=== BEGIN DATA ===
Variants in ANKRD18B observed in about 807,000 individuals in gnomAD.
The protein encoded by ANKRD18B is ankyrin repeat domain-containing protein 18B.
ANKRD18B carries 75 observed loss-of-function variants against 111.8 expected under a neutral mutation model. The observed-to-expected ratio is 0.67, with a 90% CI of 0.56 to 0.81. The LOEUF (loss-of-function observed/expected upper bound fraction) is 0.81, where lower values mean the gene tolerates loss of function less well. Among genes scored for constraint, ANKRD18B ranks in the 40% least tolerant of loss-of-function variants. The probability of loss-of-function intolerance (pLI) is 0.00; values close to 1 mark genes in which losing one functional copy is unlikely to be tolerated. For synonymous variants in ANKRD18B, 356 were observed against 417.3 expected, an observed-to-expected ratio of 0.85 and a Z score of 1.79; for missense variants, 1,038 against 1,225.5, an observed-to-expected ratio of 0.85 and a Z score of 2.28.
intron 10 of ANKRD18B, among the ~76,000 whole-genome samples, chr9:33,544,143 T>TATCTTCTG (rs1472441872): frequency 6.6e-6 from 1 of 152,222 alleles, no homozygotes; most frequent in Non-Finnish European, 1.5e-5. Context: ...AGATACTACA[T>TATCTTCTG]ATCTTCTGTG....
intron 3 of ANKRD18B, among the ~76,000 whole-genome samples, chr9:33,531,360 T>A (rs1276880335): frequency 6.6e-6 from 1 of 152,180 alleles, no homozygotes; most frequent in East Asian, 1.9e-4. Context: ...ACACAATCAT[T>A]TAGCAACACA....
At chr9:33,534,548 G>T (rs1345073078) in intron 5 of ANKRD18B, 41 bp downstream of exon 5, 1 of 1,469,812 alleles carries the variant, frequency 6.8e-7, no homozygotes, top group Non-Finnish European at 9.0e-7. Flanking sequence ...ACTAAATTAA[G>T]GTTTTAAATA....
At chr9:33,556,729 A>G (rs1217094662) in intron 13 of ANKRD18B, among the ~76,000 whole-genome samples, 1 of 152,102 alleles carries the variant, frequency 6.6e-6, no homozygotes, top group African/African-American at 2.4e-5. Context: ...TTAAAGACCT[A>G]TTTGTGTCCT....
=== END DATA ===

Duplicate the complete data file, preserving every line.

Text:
Variants in ANKRD18B observed in about 807,000 individuals in gnomAD.
The protein encoded by ANKRD18B is ankyrin repeat domain-containing protein 18B.
ANKRD18B carries 75 observed loss-of-function variants against 111.8 expected under a neutral mutation model. The observed-to-expected ratio is 0.67, with a 90% CI of 0.56 to 0.81. The LOEUF (loss-of-function observed/expected upper bound fraction) is 0.81, where lower values mean the gene tolerates loss of function less well. Among genes scored for constraint, ANKRD18B ranks in the 40% least tolerant of loss-of-function variants. The probability of loss-of-function intolerance (pLI) is 0.00; values close to 1 mark genes in which losing one functional copy is unlikely to be tolerated. For synonymous variants in ANKRD18B, 356 were observed against 417.3 expected, an observed-to-expected ratio of 0.85 and a Z score of 1.79; for missense variants, 1,038 against 1,225.5, an observed-to-expected ratio of 0.85 and a Z score of 2.28.
intron 10 of ANKRD18B, among the ~76,000 whole-genome samples, chr9:33,544,143 T>TATCTTCTG (rs1472441872): frequency 6.6e-6 from 1 of 152,222 alleles, no homozygotes; most frequent in Non-Finnish European, 1.5e-5. Context: ...AGATACTACA[T>TATCTTCTG]ATCTTCTGTG....
intron 3 of ANKRD18B, among the ~76,000 whole-genome samples, chr9:33,531,360 T>A (rs1276880335): frequency 6.6e-6 from 1 of 152,180 alleles, no homozygotes; most frequent in East Asian, 1.9e-4. Context: ...ACACAATCAT[T>A]TAGCAACACA....
At chr9:33,534,548 G>T (rs1345073078) in intron 5 of ANKRD18B, 41 bp downstream of exon 5, 1 of 1,469,812 alleles carries the variant, frequency 6.8e-7, no homozygotes, top group Non-Finnish European at 9.0e-7. Flanking sequence ...ACTAAATTAA[G>T]GTTTTAAATA....
At chr9:33,556,729 A>G (rs1217094662) in intron 13 of ANKRD18B, among the ~76,000 whole-genome samples, 1 of 152,102 alleles carries the variant, frequency 6.6e-6, no homozygotes, top group African/African-American at 2.4e-5. Context: ...TTAAAGACCT[A>G]TTTGTGTCCT....